By Curtis Honeycutt
Do you ever hear yourself use a word or phrase that makes you say, “I am becoming my parents?” It happens to me all the time. The biggest example is when something surprising happens and I blurt out, “Golly!” It sounds like I’m from the black-and-white “Leave It to Beaver” days.
While “golly” is still hanging in there like a loose tooth, I’ve been collecting a list of words that no one uses anymore – but I think they should. Here are some defunct words I think we should make re-funct.
This first word is one that holds a special place in my heart, seeing as I do this action all the time. The word is “latibulate,” which means to hide in a warm corner to escape the harsh conditions of the outside world. I feel like I’ve been latibulating since March 2020.
How about “uglyography”? It’s a 19-century word that means “poor, illegible handwriting, and bad spelling and grammar.” Doctors are notorious for illegible handwriting, but I feel sorry for people who suffer from all the symptoms of uglyography – in a “bless your heart” kind of way.
We should definitely bring back “snollygoster,” as it has plenty of modern applications. The word means “a shrewd, unprincipled person, especially a politician.” A snollygoster has an unquenchable thirst for power but lacks the competence to fill the shoes of the office he desires. Do you have a snollygoster representing your district?
The word “tarrydiddle” means “pretentious nonsense.” Have you heard a load of tarrydiddle come out of a D.C. snollygoster’s mouth? I’m sure you have. Synonyms for tarrydiddle include flim-flam, poppycock, bunk and balderdash.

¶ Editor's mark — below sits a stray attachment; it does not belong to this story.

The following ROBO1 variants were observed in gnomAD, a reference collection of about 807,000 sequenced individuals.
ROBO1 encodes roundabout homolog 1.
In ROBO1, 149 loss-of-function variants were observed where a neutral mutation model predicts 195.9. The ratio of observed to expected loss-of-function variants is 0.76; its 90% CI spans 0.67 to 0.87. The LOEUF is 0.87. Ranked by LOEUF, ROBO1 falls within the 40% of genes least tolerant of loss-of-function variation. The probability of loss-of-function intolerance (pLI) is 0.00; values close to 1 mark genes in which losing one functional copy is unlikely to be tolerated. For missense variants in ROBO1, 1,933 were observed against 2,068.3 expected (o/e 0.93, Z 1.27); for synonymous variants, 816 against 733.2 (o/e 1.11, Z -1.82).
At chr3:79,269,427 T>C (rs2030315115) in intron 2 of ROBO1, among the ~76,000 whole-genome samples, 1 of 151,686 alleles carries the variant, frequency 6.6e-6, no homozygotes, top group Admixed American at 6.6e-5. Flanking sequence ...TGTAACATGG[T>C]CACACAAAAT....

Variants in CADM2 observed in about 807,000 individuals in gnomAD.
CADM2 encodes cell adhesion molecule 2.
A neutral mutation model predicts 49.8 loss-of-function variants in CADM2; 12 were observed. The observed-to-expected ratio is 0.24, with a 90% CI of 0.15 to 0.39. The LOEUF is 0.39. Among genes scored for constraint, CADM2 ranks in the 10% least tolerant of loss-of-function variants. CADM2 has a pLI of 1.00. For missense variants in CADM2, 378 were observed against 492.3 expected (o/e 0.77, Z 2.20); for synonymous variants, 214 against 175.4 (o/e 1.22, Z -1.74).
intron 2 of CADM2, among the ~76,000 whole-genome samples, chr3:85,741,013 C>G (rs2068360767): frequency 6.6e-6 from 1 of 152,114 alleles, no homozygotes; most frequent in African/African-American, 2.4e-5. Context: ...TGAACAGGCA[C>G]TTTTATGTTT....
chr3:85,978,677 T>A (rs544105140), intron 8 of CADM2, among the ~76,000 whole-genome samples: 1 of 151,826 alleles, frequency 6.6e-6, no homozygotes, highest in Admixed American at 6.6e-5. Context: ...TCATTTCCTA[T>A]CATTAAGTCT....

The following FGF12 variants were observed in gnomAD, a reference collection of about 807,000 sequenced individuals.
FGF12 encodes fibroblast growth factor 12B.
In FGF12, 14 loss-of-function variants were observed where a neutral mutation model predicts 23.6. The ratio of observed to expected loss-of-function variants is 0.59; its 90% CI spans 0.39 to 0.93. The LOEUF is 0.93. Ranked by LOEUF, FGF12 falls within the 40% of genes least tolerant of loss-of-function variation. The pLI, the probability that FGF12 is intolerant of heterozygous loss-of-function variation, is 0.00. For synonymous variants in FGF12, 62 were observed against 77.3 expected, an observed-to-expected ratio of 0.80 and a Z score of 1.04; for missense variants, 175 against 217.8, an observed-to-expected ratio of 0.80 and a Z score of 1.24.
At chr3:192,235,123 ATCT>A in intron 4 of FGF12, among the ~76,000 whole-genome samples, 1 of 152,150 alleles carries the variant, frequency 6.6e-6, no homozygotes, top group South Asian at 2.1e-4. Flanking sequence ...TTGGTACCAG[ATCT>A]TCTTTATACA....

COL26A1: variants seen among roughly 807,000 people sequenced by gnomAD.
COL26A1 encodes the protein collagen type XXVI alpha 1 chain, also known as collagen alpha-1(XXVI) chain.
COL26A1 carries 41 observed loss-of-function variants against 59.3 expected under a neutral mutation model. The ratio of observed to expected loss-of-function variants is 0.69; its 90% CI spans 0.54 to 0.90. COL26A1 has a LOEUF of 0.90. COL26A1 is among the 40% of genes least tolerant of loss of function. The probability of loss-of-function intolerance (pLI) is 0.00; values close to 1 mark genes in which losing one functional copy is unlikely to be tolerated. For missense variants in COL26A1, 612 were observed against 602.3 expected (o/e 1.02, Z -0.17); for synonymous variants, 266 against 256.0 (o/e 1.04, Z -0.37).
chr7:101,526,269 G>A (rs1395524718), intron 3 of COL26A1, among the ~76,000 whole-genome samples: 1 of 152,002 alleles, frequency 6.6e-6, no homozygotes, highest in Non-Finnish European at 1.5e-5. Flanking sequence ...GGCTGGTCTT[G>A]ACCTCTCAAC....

Have you ever suffered from “apanthropy”? I certainly have. After all, apanthropy is the aversion to human company. It’s the desire to be by yourself. Since I have three kids and a dog, my apanthropy will never be satisfied.
I love this next one: hufty-tufty. I’m not sure if it ever took off in popular usage, but this late 16th-century word means “swaggering or bragging.” Hufty-tufty can be used as a noun or an adjective. If you’re ever playing a pick-up game of basketball at your local YMCA and you want to talk trash to your opponent, you can say something like, “Look at you over there feeling all hufty-tufty; you don’t have the skills to back it up.”
Are there any words you want to bring back from dictionaries past, or do you think this is all a bunch of tarrydiddle?
—Curtis Honeycutt is a syndicated humor columnist. He is the author of Good Grammar is the Life of the Party: Tips for a Wildly Successful Life. Find more at curtishoneycutt.com.